Tsuka-Japanese sword handle type

What is tsuka in Japanese sword?

Tsuka is the handle of a Japanese sword. tsuka are constructed in many different ways and types, but the traditional tsuka is made of wood, custom fit to the foot of the blade, and held in place by 1-2 mekugi pins. The wooden handle is wrapped in samegawa, or the solid wood handle is held in place by mekugi only.

Tsuka type

The tsuka must have a good grip in use, with the right amount of thickness, too thick or too thin for good strength, and the length also affects the balance of the whole Japanese hand. The most difficult to master the use of the sword is to balance the power and speed, powerful people slow speed, fast people power is not enough, the two contradict each other, so the design of the tsuka for the function of the sword whether to give full play to the vital impact. tsuka in addition to practicality, in the art of the samurai is the expression of the prestige and taste style.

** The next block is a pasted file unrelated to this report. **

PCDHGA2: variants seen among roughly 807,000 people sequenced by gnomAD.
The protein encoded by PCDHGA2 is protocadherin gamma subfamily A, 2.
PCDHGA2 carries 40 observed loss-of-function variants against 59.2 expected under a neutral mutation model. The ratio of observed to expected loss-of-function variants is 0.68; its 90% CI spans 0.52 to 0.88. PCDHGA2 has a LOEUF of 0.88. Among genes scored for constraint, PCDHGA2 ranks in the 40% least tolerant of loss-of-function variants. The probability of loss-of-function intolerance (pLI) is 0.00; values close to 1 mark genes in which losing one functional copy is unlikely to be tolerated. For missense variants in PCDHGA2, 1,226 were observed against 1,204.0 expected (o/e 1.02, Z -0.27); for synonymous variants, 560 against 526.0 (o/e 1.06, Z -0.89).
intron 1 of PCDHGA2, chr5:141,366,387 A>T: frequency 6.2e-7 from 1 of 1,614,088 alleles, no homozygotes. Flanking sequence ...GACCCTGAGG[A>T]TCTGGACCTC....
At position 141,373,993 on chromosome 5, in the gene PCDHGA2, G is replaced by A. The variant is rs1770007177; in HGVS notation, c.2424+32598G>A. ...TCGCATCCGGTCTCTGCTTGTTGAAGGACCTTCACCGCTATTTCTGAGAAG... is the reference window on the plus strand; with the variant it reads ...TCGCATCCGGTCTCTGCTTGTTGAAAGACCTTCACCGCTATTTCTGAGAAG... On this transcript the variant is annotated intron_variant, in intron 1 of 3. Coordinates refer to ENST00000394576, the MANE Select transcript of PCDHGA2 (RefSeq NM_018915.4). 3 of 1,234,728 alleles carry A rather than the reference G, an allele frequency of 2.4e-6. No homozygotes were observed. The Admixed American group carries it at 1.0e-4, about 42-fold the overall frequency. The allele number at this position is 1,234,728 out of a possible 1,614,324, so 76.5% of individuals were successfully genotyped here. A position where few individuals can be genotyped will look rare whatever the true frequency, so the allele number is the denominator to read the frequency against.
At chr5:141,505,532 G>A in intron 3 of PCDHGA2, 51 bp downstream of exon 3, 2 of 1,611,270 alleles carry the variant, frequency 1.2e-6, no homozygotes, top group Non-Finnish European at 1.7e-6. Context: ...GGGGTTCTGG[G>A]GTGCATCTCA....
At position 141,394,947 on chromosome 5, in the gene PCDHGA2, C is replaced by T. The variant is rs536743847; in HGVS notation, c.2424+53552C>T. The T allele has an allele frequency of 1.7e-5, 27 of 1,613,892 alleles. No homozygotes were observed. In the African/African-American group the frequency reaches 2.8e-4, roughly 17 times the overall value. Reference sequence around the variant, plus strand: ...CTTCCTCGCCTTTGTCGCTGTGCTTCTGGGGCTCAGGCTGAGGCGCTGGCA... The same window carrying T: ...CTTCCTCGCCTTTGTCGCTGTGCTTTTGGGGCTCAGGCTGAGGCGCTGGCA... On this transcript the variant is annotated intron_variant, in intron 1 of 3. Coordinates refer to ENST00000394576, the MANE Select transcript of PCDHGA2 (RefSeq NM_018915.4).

Jabara-ito maki-zuka- Sword hilt wrapped entirely with jabara-ito. Usually very decorative hilt wrapping.

Kawamaki-zuka- Sword hilt wrapped in leather, e.g.

Samegawa-zutsumi no tsuka- General term for ahilt with a rayskin cover.

Ito-katate maki-zuka- word hilt wth a flush keatatemaki wrapping of lit. "thread," i.e. usually of a thin twisted jabara-ito braid.

Nurigome-zuka-- Lacquer hilt, i.e. sword hilt that is just lacquered and which does not feature any same or tsukamaki.

Karaki-zuka-Unwrapped hilt o plain karaki, usually Senna siamea (tagayasan)

The first two are the more common types of tsuka, generally used for katana and tachi and wakizashi mostly. This type of tsuka is laminated with a layer of samegawa and then wrapped with a shank rope (tsuka-maki) on the outside, and there are more than a dozen ways to wrap it. There is also a tsuka that is wrapped around the samegawa without a handle rope, and it is generally used only for tanto, the third type of tsuka, the samegawa-zutsumi no tsuka.
It is not uncommon for a Japanese sword to have several tsuka at the same time, and it has always been fashionable for samurai to change their tsuka to match different outfits or to attend different occasions.


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